Grant, eldest daughter of Rev. Dr. an
Mrs. Roland Dwight Grant of Vancouver, to Mr. William Dixon Hop
craft, of the R.M.S. Empress of India.
The marriage was performed in a
woodland bower in the shadow of
Bear Mountain, at Canlfield Landing,
Dr. Grant's summer home. The bride
who was given away by Mr. E. W
Rollins of Boston (her father officiating at the marriage) was gowned
in pale pink crepe de chine, and
was attended by her sister, Miss Verona, the latter wearing white mousse-
line de soie. The groom was attended by Captain H. N. B. Hollings
head of Hongkong. Persian rugs
strewn with rose petals were sprea
from the camp to the wedding bower
while an orchestra hidden in a near
by grove supplied an harmonious and]
tastefully fcubordinated  acAmpani-l
ment to the solemn service.
* *   *
The nuptials of His Lordship the
Bishop of Columbia (Rt. Rev. William Wilcox Perrin, D.D.) and Mrs.
Adele Moor were solemnized at All
Saints' Church, London, on the morning of the 30th ultimo, the ceremony
being at 10 a.m., followed by a celebration of Holy Communion. The officiating clergyman was Rev. Basj
Wilberforce, D.D., Archdeacon of
Westminster, assisted by Rev. Prebendary Whitworth and Rev. Maurice
Bailey. Among the guests was Her
Ladyship the Countess of Aberdeen.
Bishop and Mrs. Perrin spent their
honeymoon at Ilfracombe, Devon, and
were to have sailed for home yesterday. They will break their transcontinental journey at Banff and Lak
Louise, expecting to reach Victoria
early in September. Mrs. Perrin will
be At Home at Bishopsclose on the
Tuesday following her arrival here.
* *   *
At S1:. Andrew's Presbyterian
Church i.j Wednesday evening, the
marriaga ^as solemnized by Rev. W.
Leslie Cmy, of Mr. Geo. W. Clinton,
paymaster for the Wellington Colliery Co., at Cumberland, and Miss
Jessie K. Shaw, daughter of Mr. and
Mrs. Joseph Shaw, of Colwood. The
wedding party was restricted to the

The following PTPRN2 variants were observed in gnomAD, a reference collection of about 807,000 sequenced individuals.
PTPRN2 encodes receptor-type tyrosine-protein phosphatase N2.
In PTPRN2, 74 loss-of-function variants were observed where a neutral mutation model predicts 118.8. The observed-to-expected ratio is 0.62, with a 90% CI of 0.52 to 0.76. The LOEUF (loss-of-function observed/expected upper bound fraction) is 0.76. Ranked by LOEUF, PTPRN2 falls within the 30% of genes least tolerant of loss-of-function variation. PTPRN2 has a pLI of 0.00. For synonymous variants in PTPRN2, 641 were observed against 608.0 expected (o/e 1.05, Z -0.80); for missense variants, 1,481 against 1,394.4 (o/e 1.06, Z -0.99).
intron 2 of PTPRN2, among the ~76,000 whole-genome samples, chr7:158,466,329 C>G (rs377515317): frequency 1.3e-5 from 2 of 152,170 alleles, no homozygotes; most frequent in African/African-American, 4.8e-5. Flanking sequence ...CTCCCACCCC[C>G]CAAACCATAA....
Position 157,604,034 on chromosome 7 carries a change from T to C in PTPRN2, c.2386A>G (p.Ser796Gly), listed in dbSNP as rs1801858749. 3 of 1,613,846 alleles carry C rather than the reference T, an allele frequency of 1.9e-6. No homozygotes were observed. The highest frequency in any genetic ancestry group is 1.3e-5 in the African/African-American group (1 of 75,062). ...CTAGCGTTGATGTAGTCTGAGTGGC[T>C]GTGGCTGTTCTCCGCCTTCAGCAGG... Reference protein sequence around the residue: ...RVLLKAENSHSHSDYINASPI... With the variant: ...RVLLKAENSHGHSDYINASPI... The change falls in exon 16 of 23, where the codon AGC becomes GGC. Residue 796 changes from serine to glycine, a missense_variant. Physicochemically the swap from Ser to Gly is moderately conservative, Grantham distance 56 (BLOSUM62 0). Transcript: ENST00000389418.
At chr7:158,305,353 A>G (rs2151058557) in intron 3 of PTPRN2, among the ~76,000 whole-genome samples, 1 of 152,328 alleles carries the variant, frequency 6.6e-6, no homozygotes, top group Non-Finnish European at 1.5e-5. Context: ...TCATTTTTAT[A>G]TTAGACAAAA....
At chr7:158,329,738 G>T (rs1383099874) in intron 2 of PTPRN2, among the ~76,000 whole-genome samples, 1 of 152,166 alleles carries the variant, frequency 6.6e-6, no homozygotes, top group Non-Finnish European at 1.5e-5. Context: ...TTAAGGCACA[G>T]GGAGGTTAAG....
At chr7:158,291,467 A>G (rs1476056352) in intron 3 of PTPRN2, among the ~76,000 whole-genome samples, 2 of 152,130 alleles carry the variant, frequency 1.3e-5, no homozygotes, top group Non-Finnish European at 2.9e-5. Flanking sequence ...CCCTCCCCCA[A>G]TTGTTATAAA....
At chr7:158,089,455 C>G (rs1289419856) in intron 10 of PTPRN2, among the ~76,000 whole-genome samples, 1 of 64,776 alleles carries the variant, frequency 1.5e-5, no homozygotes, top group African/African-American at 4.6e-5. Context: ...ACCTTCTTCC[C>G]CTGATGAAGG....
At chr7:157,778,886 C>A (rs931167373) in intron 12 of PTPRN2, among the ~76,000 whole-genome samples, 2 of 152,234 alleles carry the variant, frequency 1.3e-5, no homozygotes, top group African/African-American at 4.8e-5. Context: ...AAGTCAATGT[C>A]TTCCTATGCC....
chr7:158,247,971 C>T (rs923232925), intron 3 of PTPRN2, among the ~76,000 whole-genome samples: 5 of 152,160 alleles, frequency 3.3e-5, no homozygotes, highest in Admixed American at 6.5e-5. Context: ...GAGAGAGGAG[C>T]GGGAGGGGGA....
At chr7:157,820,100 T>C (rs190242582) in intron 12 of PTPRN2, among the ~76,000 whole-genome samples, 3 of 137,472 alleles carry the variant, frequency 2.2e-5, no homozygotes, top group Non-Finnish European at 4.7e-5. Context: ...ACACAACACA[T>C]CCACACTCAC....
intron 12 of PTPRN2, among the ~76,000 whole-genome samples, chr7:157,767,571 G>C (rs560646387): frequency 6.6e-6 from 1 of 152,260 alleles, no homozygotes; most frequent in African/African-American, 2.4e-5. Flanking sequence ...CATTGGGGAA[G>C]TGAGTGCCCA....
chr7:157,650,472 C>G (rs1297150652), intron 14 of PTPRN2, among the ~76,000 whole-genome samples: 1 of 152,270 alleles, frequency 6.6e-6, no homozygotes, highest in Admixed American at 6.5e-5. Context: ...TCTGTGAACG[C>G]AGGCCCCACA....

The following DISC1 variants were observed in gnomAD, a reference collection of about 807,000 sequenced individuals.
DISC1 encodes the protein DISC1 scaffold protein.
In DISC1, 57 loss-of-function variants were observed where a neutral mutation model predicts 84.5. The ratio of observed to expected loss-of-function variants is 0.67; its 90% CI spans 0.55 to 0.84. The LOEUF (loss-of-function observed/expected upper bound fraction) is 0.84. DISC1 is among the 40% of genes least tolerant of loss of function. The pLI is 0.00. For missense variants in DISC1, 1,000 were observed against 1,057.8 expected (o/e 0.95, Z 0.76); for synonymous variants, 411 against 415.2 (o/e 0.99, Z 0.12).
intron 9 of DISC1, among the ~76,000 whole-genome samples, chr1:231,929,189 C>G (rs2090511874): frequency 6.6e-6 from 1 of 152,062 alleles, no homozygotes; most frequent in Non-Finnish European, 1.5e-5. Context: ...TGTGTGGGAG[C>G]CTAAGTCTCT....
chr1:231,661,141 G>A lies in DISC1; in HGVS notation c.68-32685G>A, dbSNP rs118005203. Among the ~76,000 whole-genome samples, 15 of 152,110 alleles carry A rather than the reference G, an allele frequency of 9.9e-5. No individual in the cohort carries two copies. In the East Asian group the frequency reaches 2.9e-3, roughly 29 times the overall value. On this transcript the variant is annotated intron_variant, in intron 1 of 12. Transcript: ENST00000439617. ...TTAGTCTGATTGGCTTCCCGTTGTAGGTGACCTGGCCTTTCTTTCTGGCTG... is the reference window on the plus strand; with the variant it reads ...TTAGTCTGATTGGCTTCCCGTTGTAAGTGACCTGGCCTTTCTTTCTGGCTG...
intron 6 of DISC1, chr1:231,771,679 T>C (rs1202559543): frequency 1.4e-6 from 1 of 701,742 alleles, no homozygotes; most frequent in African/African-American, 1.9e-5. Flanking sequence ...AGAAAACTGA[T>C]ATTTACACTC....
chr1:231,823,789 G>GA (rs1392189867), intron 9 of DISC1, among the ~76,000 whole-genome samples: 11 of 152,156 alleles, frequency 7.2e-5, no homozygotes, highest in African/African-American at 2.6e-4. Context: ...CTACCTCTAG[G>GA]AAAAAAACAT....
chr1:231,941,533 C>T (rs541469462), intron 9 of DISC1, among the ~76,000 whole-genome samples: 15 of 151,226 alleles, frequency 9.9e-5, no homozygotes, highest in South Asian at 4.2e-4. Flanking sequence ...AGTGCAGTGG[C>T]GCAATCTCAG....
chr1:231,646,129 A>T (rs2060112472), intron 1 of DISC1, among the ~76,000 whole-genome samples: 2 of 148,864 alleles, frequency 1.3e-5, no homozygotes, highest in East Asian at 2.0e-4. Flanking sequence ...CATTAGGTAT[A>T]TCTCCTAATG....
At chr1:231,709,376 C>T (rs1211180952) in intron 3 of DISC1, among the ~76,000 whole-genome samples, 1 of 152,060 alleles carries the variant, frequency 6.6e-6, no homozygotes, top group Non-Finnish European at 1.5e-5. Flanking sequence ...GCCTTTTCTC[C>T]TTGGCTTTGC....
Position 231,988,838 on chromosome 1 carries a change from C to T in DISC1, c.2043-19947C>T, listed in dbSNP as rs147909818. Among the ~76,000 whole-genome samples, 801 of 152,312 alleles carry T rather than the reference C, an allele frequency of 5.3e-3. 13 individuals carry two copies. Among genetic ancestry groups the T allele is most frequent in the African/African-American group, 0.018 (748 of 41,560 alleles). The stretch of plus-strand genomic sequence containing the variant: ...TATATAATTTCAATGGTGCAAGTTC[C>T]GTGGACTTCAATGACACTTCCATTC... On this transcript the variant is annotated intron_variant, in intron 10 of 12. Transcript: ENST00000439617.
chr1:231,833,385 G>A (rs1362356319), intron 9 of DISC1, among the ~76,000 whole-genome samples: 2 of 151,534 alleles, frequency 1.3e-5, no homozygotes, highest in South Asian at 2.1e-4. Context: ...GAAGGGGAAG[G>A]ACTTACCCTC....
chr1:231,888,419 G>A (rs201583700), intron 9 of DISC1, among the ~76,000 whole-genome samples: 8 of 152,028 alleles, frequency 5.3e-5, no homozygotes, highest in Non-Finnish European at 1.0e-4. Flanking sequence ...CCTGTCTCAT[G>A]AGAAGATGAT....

members of the interested families,
and a few most intimate friends. The
bride was given away by her father,
while her sister, Mrs. Jeremy, attended her at the altar. Mr. and Mrs.
Clinton are now enjoying a honeymoon ramble through the Sound
* *   *
A merry little party voyaged by the
yacht Gwenol out to Albert Head last
Sunday, landing at this pretty spot
for luncheon and being joined ther
by the Dorothy, with Messrs. W. H.
Langley, H. Mortimore Lamb and G.
V. Holt on board, and Mr. W. S.
Gore's Dione, with Miss Hunt as its
guest of honor. The Gwenol's party
included Mrs. C. W. Rhodes, the hostess, Mrs. H. H. Abbott, Miss Whit-
tington (her sister), Miss Jeffreys,
Mr. Abbott, Mr. J. Bridgman, Mr.
Rhodes, Mr. A. G. Wrigley, and Mr.
G. V. Cuppage.
* *   *
Monday evening found a jolly boating party at the Gorge under the chap-
eronage of Mrs. Roninson, there being upwards of thirty in the merry
company, among them the Misses M.
and C. Williams of Esquimalt, the
Misses E. and M. O'Rourke, Miss
Webber, Miss Daley, the Misse
Davis, Miss Vaio, Miss L. Malpass,
Messrs. D. Laurie, R. Webber, H.
Oden, T. Stanley, F. Francis, R, and
G. Parr, Vaio, Duncan, Chapman and
* *   *
Captain and Mrs. Wright, Capt
Williams, Mr. and Mrs. Hull, Mr. J.
A. Raymur, Mr. J. W. Cambie, Mrs.
Burton, Mr. G. C. Johnston, Miss
Bell, Miss Walker. Mr. Alexis Mar
tin, Mr. B. G. Goward, and Miss
Maitland-Dougall' are among the Victorians in Vancouver for the Mainland city's tennis week.
* *  #
Dr. and Mrs. Darling, Miss Odell,
Miss Templin, Mr. A. M. Chalmers,,
and Mr. R. G. Tammell formed a
merry yachting party by the "Rainier," of Bellingham, spending several
days in Victoria last week, and attending the finals of the international
tennis tourney.
* *   *
During Vancouver's tennis week,
Miss Baiss of this city has been the
guest of Miss Bulwer, Georgia street;
Miss Bell has been visiting Lady
Tupper; and Miss Keefer has been
entertained at the home of Mrs. J.
W. Macfarland.
* *   *
Mr. Courtney Bennett, OLE., British Consul-General at San Francisco,
with Mrs. and Miss Bennett, who
have been spending a fortnight at
Cowichan Lake,- returned home by the
City of Puebla Monday.
Mr. Justice Teetzel of the Supreme
Court of Ontario, and Mrs. Teetzel,
spent several days this week in a
visit to Victoria, going from here to
Portland, where they have friends.
* *   *
Mr. and Mrs. Robin W. Dunsmuir
gave a smart dinner party Saturday
evening at their home on the Gorge
Road in honor of-the visiting tennis
* *  *
The wedding of Miss Ina McFad-
den and Mr. Charles Thomson is announced to take place in early October.
* *   *